Daw Phyu Phyu Aye, 30 years old and living in An Tar, Gangaw grows sesame seeds – you know the small beige coloured flat tear drops that westerners sprinkle on top of sausage rolls or the crusts of bread? Well for Daw Phyu Phyu Aye, the cost of borrowing funds from the local money lender in times of hardship is at an interest rate of 10% per month, an impossible price for a local villager living within the Magway region in Myanmar...in fact it’s half the usual market price. In 2013, Myanmar was the world’s largest producer of sesame seeds, but during times of extreme drought or heavy monsoonal rain, sesame seed crops wane and local farmers struggle to stay afloat financially.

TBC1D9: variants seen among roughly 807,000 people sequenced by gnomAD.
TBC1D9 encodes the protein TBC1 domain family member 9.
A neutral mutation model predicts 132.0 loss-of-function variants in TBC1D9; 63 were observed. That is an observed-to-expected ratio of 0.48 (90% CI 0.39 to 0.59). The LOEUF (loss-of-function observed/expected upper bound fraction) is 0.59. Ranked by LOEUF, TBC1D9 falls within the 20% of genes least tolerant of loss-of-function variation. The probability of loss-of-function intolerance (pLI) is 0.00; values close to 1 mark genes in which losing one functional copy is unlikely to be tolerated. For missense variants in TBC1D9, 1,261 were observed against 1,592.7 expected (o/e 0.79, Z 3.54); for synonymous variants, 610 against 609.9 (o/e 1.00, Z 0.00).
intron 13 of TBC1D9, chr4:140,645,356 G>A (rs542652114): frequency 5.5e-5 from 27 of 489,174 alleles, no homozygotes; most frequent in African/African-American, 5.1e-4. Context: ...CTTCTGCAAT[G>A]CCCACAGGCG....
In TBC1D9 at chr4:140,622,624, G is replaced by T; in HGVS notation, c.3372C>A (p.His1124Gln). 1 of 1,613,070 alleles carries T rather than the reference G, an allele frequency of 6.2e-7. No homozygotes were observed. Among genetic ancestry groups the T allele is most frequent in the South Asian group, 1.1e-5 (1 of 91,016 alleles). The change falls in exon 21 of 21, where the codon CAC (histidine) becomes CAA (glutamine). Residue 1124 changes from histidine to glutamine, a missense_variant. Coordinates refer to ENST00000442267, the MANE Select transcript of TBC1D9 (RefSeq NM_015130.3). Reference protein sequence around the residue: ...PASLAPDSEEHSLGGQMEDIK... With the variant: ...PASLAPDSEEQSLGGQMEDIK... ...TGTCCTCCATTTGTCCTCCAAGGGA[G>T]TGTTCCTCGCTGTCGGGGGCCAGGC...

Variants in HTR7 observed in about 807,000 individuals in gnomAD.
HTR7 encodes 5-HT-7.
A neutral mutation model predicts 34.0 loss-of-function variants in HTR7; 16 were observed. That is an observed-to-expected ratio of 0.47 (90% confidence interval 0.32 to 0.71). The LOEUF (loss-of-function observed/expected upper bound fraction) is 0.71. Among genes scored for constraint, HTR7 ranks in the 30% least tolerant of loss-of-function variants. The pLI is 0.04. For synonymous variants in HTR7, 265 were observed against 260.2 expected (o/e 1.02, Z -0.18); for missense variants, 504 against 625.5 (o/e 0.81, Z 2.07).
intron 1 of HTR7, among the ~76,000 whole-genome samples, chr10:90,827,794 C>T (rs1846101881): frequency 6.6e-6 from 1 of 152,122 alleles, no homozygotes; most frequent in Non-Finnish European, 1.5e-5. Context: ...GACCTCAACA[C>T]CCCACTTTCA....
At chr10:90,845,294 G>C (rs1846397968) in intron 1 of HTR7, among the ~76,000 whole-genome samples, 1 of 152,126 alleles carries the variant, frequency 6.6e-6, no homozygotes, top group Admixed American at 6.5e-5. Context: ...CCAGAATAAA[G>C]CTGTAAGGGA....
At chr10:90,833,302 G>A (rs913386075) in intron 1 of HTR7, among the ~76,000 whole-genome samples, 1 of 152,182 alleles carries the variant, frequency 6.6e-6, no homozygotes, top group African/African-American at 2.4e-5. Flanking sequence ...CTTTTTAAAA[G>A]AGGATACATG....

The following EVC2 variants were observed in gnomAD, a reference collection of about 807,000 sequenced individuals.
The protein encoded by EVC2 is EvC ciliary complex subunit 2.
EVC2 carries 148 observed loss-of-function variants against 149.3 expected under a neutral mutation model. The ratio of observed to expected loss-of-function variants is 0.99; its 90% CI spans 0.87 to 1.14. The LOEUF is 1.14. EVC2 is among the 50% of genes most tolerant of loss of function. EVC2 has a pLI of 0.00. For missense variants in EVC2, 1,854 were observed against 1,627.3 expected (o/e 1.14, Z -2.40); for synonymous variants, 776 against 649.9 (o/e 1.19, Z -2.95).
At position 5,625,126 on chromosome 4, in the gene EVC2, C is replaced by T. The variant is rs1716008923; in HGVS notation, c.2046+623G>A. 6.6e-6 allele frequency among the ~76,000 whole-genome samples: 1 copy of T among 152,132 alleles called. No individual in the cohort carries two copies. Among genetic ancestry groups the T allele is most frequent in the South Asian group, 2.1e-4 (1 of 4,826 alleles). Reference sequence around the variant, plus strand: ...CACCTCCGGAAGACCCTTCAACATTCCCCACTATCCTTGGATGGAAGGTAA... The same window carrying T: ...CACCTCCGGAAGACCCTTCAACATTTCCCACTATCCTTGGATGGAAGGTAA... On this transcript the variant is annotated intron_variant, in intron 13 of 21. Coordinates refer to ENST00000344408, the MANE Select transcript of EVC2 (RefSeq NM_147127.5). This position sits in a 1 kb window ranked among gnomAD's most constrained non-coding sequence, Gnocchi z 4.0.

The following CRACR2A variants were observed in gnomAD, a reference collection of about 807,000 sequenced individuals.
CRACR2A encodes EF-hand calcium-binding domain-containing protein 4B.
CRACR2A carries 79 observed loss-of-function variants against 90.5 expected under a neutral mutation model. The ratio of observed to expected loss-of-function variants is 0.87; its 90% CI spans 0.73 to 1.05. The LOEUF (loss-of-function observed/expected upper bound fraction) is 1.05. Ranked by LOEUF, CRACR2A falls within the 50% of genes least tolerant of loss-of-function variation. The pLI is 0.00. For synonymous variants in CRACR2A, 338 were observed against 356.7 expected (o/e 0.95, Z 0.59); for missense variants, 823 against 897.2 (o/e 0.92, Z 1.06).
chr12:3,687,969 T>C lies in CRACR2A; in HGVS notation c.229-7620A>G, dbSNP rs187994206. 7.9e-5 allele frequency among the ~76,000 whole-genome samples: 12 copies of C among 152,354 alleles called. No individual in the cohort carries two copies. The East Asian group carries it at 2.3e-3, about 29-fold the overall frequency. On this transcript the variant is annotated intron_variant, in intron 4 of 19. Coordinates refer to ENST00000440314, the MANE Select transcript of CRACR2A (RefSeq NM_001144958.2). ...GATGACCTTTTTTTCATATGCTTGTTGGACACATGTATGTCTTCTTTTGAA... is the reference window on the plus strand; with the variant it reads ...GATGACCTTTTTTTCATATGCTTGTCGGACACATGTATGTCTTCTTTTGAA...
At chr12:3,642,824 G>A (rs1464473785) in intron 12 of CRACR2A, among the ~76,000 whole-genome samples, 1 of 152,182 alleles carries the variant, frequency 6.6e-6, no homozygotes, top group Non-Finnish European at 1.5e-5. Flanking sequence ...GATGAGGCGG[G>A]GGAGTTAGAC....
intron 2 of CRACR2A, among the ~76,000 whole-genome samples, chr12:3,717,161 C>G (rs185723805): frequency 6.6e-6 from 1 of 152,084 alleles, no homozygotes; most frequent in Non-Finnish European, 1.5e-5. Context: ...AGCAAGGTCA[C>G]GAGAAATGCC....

The arrival and active presence of the PRICE (Poverty Reduction Initiative through Community Empowerment) project saw Daw Phyu Phyu Aye and his local SHG group able to borrow monetary loans with a low interest rate of 3% a month and a seasonal loan amounting to around $150 USD per household. Each month, Daw Phyu Phyu Aye’s SHG group called ‘Samuel’ are able to save 225,000 MMK each month and sell bags of sesame seeds at 30,000 MMK per sack. The Samuel group learned to work together to benefit each other financially and sustainably during the good and bad times, and as a result, confidence and independence amongst its members has been fostered. Daw Phyu Phyu Aye stated that, “ADRA broadened our minds through training in realising our potential and learning to depend on ourselves for our own development”. Independence manufactured free from external influence and control has been an important step in the sustainable growth of the Samuel group and numerous others like it.